Verbal Bullying Changes Among Students Following an Educational Intervention Using the Integrated Model for Behavior Change
Bullying behavior in schools can lead to psychosocial problems. School-based interventions are important in raising student awareness, developing their skills and in planning to reduce bullying behavior. The study findings indicate that a school-based intervention can positively impact on verbal bullying experiences and behavior. The intervention program comprised weekly modules to address gender-based violence and bullying and was piloted in 2 schools prior to the RCT. Each module had specific objectives and the class room activities varied. These comprised small and large group discussions, role plays, videos (professionally made with local content), an innovative cartoon story (used to promote discussion) and creative drawing.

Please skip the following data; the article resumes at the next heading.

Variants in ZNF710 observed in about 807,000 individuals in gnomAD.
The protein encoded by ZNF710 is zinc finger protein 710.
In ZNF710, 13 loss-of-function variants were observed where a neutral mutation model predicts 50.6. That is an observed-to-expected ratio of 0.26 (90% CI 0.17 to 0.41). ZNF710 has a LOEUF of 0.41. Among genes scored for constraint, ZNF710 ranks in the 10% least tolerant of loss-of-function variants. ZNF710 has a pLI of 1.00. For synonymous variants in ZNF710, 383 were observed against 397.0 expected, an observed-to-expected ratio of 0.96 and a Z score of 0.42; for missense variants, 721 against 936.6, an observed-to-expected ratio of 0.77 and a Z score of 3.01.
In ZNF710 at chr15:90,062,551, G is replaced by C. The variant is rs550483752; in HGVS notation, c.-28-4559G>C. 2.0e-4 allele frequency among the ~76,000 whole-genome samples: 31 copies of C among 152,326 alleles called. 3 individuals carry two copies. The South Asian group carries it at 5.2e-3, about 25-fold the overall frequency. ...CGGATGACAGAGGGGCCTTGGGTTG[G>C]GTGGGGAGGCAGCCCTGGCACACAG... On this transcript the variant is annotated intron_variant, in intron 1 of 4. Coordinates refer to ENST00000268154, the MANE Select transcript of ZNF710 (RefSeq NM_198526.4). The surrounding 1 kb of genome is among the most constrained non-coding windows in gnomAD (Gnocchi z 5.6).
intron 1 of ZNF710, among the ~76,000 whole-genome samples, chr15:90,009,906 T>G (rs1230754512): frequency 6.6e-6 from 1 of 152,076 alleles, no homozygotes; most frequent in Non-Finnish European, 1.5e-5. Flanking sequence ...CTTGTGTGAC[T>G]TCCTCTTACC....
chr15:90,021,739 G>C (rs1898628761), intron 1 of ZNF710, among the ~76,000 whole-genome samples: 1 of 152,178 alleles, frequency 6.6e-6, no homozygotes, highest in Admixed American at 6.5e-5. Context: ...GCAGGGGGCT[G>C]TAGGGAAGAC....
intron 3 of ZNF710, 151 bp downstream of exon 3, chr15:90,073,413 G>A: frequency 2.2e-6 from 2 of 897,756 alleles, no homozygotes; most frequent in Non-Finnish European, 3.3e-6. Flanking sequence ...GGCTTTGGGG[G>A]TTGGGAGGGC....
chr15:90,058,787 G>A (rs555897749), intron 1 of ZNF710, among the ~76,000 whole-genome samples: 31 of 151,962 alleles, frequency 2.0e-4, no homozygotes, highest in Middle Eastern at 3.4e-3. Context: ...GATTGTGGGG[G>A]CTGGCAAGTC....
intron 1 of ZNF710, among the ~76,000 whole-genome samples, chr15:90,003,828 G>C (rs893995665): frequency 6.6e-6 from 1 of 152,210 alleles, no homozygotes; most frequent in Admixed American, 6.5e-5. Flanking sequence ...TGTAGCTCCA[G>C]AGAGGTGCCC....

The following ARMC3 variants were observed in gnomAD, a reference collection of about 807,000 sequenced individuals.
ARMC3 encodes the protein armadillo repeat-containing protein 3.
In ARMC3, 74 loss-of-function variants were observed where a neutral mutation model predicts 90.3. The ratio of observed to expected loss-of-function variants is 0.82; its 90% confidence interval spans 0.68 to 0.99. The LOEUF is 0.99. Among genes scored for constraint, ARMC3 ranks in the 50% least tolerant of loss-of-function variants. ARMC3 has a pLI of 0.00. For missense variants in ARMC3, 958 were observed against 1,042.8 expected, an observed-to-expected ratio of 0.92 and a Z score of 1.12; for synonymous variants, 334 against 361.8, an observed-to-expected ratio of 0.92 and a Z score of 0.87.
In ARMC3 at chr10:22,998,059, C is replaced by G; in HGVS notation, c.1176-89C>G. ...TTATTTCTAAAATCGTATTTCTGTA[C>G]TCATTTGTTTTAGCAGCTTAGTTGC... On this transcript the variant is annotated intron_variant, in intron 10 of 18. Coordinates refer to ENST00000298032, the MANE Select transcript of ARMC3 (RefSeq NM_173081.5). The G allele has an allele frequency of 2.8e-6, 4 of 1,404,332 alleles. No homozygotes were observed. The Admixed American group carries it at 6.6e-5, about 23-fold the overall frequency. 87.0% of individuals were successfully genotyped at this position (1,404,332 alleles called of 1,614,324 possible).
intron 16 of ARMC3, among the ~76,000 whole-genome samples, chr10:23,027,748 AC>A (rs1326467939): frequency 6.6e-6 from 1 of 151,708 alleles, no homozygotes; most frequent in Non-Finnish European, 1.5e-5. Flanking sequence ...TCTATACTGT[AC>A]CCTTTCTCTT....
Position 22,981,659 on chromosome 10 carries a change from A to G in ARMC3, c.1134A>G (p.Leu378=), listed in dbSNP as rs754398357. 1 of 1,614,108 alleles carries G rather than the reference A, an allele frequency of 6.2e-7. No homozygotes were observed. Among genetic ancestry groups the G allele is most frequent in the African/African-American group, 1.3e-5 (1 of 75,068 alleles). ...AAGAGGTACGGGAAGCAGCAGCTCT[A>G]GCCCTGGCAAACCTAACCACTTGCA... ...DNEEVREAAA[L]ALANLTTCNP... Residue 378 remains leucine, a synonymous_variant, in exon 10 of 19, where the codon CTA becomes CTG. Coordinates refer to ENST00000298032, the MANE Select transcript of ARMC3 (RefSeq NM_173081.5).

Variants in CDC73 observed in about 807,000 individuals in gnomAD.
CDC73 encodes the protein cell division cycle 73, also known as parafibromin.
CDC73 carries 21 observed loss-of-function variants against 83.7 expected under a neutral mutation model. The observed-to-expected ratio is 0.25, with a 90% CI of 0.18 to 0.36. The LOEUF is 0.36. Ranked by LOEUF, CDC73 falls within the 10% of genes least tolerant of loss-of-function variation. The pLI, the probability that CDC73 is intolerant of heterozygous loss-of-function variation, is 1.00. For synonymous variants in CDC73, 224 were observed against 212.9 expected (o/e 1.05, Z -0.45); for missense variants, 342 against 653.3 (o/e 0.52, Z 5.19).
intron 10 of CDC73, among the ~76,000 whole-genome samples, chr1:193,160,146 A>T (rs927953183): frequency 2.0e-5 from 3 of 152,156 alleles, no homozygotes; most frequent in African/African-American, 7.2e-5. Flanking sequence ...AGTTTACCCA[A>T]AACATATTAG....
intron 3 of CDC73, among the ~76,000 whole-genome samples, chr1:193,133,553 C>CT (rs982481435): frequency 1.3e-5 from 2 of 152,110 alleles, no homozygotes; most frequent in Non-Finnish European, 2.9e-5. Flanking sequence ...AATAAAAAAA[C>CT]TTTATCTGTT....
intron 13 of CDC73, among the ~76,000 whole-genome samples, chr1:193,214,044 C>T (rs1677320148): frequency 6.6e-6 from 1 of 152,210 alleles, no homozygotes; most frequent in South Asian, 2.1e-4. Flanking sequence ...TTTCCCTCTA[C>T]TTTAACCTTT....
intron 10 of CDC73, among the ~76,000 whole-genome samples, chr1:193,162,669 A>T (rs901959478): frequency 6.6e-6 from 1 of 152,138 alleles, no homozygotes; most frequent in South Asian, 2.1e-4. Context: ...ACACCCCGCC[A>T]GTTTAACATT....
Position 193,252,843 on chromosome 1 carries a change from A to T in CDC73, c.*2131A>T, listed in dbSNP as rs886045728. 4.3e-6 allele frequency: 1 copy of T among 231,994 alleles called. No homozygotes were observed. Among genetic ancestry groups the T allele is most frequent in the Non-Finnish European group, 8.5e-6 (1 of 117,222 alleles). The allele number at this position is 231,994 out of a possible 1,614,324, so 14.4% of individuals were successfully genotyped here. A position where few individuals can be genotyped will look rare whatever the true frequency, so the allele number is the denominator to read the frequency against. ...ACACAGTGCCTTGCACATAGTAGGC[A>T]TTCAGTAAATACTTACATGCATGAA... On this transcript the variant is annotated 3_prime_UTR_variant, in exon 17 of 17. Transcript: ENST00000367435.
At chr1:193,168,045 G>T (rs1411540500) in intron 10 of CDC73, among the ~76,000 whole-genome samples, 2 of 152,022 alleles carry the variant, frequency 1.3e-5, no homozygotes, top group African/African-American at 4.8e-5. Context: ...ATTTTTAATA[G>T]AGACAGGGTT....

A randomized controlled trial, using a school-based educational intervention to reduce verbal bullying, was conducted among grade 10 students in 16 urban and rural schools in KwaZulu-Natal, South Africa in 2013. Baseline and post-intervention questionnaires, developed using the Integrated Model for Behavior Change theoretical model, were used to assess changes in verbal bullying.
Post-intervention there were reduced verbal bullying experiences. Improved social norms and awareness of verbal bullying were associated with reduced verbal bullying experiences and behavior. Although less likely to bully others verbally, girls were more likely to experience verbal bullying. Students with no living father were more likely to bully others verbally.